The Coronavirus World of College Recruiting
The Coronavirus World of College Recruiting
Now that most every college and university has gone virtual there has never been a better time to also make your college recruiting virtual. In fact, it will be necessary as there are not going to be any students on campus for some time. The closing of campuses was the catalyst needed to bring about changes in recruitment that have been long overdue.
Why Yesterday’s Approach is Bad
As anyone who has ever done college recruiting knows, even when visiting a large number of schools and with a huge budget, we can only touch a very small number of potential hires.
Traditional college recruiting is based on a set of assumptions and practices that were developed well before we had any technology and when face-to-face was necessary. But obviously the world has changed and face-to-face might not happen for a long time.
The recruiting experience has primarily been delivered in person, on campus, through information sessions and job fairs. Most organizations designate a handful of schools as key and focus their in-person events at those schools. The schools are chosen because they offer graduates with majors aligned to the needs of the organization and often also because the CEO or a senior executive is a graduate of the school. Most organizations also have a college career site with information and perhaps the opportunity to apply for jobs directly. But the bulk of recruiting is still campus-focused and traditional.
This approach has several obvious downsides,
The first is that the Coronavirus has made this approach impossible for the foreseeable future. And even if a vaccine is discovered, it is unlikely that there will be a return to the traditional ways.
Secondly is Lack of diversity. By focusing on small number of usually elite schools, organization loose diversity, not only of race and gender, but also of ideas and new ways of doing things. Poorer, less advantaged, and minority students are vastly underrepresented in the usual college recruiting efforts.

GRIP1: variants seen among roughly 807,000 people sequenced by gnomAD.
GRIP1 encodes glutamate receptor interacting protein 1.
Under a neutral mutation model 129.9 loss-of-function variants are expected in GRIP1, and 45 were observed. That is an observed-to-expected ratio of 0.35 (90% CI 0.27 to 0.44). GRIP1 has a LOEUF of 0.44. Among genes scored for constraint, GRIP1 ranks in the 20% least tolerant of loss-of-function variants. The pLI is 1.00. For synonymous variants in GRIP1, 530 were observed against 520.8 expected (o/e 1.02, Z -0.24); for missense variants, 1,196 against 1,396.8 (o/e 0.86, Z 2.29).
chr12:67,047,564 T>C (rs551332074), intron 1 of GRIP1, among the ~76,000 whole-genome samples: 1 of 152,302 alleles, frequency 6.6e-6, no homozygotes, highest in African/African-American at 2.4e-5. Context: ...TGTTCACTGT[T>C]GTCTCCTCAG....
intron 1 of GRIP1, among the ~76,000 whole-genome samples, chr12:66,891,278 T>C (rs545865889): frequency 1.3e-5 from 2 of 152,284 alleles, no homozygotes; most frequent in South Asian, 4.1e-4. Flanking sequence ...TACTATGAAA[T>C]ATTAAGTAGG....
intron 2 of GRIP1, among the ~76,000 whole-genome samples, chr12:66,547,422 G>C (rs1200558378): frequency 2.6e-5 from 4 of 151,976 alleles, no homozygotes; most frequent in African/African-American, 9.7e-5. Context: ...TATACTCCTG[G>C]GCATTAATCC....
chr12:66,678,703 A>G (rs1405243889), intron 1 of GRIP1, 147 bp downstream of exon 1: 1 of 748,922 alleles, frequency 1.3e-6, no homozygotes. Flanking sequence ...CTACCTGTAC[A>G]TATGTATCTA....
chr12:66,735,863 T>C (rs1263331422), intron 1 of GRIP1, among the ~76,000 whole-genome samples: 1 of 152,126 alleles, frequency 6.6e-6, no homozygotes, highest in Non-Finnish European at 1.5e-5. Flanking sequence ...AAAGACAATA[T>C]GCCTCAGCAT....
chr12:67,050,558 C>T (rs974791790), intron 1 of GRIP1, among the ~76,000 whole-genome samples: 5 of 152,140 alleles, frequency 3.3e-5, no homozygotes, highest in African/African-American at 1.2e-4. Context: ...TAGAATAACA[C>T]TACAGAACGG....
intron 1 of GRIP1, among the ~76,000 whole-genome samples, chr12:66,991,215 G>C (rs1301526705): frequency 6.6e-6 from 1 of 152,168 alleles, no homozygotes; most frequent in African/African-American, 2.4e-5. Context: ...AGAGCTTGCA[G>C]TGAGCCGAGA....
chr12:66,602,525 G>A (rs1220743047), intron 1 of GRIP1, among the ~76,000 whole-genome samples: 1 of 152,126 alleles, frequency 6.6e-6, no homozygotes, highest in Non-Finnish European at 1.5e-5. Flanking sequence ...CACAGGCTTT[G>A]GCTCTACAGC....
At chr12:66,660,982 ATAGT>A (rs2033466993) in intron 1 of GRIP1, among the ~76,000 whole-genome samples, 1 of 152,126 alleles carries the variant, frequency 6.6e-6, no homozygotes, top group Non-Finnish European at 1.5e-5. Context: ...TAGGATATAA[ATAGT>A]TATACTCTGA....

Many smaller schools and those rarely included in a list of key schools can offer diverse, creative and highly motivated hires. Liberal arts schools are usually overlooked as are technical and vocational schools although they often have outstanding graduates with the skills the hiring organization needs.
The traditional approach also has a very high cost per hire that is often 2-3 times more than the cost to recruit an experienced professional. The cost of travel, often for multiple people and often for a few visits, combined with the costs associated with job fairs or information sessions, meeting room costs, and even perhaps dinners for students can run into tens of thousands of dollars. The typically yield from a key school might be 2-5 hires in a good year and often fewer than 3.
And finally, too much focus on college placement offices is also often a negative. Depending on the school, the placement offices are either vastly underutilized by students or attract a narrow cross-section of available students. At some schools, placement offices act as gatekeepers and discourage any recruitment that is not done with their approval in the belief they are somehow protecting the students.
Some Ideas for a Modern, Virtual and Better Approach
By forgoing the key school game and by embracing technology almost all the downsides of traditional college recruiting can be eliminated. There should be no need to visit any campus and attract larger, more diverse and more motivated group, of potential hires by using the technology available today.
#1. Reach a huge number of students at a wide variety of campuses by developing an active and creative digital branding program using social media, including YouTube and other video-based communication tools. Students are attracted to video more than any other media and also respond to social media targeted at their interests.
#2. Expand your network of potential students by offering virtual internships and ask the interns to introduce you to students who did not get or want an internship.
#3, Develop a college career site with realistic job previews, interviews with recent hires, and a chatbot that encourages questions and engagement.
#4. Develop and hold several virtual job fairs that provide information, video interviews, and online assessment.
#5. Build online screening & assessment into your career site and give students immediate feedback on their results. Use this feedback to point out areas for improvement or weaknesses that could be remedied with a class.
#6. Adopt video Interviewing as your primary and perhaps only way of interviewing students.
#7. Frequently post about your organization, your needs, and your virtual job fairs on Instagram, Whatsapp, Pinterest, WeChat, Twitter, and any other media that students are likely to use.
#8. Offer online mentoring or even tutoring of students. Enlist other employees to act as mentors, coaches, or those who can offer help with various subjects.
#9. Make is easy to apply and offer applicants a quick turn around response.
#10. Hold one event at your organization’s site where you invite studetns who have been pre-screened and selected to spend a weekend meeting hiring managers and exploring the projects and activities they might be involved with. Make offers at the end of the weekend.
#11, Offer pre-screened candidates a short video meeting with a hiring managers to discuss projects and get to know one another. Make sure this is NOT an interview.
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